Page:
UFS Crash and directories now missing

Robert Bonomi bonomi at mail.r-bonomi.com
Sat Apr 28 17:30:47 UTC 2012

Alejandro Imass <aimass at yabarana.com> wrote:
> On Sat, Apr 28, 2012 at 11:39 AM, Robert Bonomi
> <bonomi at mail.r-bonomi.com> wrote:
> >  Alejandro Imass <aimass at yabarana.com> wrote:
> >> After a little more research, ___it it NOT unlikely at all___ that
> >> under high distress and a hard boot, UFS could have somehow corrupted
> >> the directory structure, whilst maintaining the data intact.
> >
> > This is techically accurate, *BUT* the specifics of the quote "corruption"
> > unquote in the case under discussion make it *EXTREMELY* unlikely that this
> > is what happened.
> >
> > 99.99+++% of all UFS filesystem "corruption' issues are the result of a
> > system crash _between_ the time cached 'meta-data' is updated in memory
> > and that data is flushed to disk (a deferred write).
> >
> > The second most common (and vanishingly rare) failure mode is a powerfail
> > _as_ a sector of disk is being written -- resulting in 'garbage data'
> > being written to disk.
> >
> > The next possibility is 'cosmic rays'.  If running on 'cheap' hardware 
> > (i.e., without 'ECC' memory), this can cause a *SINGLE-BIT* error in 
> > data being output.
> >
> > The fact that the 'corrupted' filesystem passed fsck -without- any reported
> > errors shows that everything in the filesystem meta-data was consistent
> >
> [...]
> > I think it is safe to conclude that the probabilities -greatly- favor
> > alternative #1.
> >
> OK. So after your comments and further research I concur with you on
> the mv but if it wasn't a human, then this might be exposing a serious
> security flaw in the jail system or the way EzJail implements it.


Jails only prevent stuff -inside- the jail from affecting stuff outside the
jail.   They do *NOT* prevent stuff 'oustide the jail' from affecting stuff
INSIDE the jail.

"For any fool-proof system, there exists a *sufficiently*determined* fool
 capable of breaking it."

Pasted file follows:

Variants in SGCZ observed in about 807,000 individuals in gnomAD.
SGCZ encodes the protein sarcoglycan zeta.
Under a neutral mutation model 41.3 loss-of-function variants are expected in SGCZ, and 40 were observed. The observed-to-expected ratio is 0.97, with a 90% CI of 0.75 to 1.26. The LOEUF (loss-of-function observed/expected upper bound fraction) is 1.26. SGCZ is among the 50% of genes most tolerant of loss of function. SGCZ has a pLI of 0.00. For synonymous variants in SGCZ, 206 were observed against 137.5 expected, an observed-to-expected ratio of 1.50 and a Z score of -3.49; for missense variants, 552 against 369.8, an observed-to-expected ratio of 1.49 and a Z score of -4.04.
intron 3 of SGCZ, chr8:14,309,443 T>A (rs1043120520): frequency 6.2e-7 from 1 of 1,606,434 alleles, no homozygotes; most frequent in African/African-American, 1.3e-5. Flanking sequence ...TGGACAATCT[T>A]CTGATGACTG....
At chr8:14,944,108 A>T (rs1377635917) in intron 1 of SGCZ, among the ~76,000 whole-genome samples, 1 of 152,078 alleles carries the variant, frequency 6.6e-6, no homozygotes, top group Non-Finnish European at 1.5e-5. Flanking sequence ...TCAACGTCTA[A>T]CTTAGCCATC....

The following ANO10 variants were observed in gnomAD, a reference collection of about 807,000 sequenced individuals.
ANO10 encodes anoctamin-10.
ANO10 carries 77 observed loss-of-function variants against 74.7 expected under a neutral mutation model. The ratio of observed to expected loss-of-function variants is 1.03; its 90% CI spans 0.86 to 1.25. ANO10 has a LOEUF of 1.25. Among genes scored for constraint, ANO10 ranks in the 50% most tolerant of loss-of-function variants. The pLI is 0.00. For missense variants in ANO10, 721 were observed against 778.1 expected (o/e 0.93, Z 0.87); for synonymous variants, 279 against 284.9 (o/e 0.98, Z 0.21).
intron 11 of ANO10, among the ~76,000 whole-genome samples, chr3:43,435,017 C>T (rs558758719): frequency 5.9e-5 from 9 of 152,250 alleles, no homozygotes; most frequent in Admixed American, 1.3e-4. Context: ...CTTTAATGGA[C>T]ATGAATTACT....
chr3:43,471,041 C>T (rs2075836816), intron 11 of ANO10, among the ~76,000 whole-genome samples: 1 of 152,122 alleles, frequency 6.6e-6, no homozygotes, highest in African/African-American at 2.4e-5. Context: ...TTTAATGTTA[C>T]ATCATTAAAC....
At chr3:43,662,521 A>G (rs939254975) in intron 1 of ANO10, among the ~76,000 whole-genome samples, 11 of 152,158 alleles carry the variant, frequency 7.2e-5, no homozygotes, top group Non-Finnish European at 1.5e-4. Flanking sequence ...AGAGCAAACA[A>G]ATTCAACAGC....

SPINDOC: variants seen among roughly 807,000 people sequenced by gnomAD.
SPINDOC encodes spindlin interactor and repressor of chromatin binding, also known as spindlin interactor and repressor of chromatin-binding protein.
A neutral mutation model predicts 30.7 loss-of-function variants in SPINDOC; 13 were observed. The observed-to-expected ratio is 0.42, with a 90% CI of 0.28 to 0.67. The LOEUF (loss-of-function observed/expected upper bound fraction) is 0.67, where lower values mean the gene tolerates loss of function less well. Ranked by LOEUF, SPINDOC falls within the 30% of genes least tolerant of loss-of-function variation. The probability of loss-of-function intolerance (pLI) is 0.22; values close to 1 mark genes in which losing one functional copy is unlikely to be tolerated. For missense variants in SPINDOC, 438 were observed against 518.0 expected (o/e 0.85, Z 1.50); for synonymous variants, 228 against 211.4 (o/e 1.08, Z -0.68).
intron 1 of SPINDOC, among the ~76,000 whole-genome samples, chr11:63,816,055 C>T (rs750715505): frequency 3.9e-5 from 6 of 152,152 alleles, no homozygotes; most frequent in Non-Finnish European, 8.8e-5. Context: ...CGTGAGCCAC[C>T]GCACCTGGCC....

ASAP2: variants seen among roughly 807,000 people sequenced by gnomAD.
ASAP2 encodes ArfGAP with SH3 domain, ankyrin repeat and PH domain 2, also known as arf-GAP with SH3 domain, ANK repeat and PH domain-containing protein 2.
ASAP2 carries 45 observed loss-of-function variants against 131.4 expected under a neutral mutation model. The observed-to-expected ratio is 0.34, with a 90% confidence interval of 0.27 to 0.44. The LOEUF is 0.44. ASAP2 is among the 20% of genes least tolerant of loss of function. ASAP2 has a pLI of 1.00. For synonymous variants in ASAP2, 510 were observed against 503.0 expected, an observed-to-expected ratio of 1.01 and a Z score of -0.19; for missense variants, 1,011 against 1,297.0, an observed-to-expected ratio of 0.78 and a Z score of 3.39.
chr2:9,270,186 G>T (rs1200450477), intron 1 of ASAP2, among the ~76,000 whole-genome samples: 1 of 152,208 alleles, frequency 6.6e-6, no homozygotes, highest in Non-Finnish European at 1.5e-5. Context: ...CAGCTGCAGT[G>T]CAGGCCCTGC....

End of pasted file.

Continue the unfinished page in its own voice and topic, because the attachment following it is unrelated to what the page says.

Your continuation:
>                                                                   The
> whole point of using jails is to protect things like this from
> happening. 


>            Given that the only jail that survived was the front-end
> Apache Web server/reverse proxy, then it is also safe to suspect the
> apache (or other) process running on it was able to perform a mv of
> the rest of the jails to it's own /usr/local/etc/apache22 directory.


> Is there no possibility is that after the system crash, the journal
> recocery process and/or fsck could have moved this directories ?

"Anything is 'possible'" -- c.f. 'nasal monkeys'.

HOWEVER, if, for example, you would bother to examine the source code for 
fsck you would discover that it doesn't do -anything- 'significant' without
ASKING FIRST.   You reported it didn't find any problems -- not even anay
of the 'petty' ones it will correct w/o asking -if- the '-p' option is

"Journal revovery" _could_, 'theoretically' have done it -- *IF* "something 
else" did the 'mv' just before the crash, and that operation was journaled,
but not yet committed to disk at the time of the crash.  However, on a 
standard UFS filesystem, filesystem metadata updates are written 
'synchronously', which should eliminate _that_ wild, unfounded, speculaction.

 "You sir, don't know what you don't know, and much of what you "think" 
 you know is incorrect."

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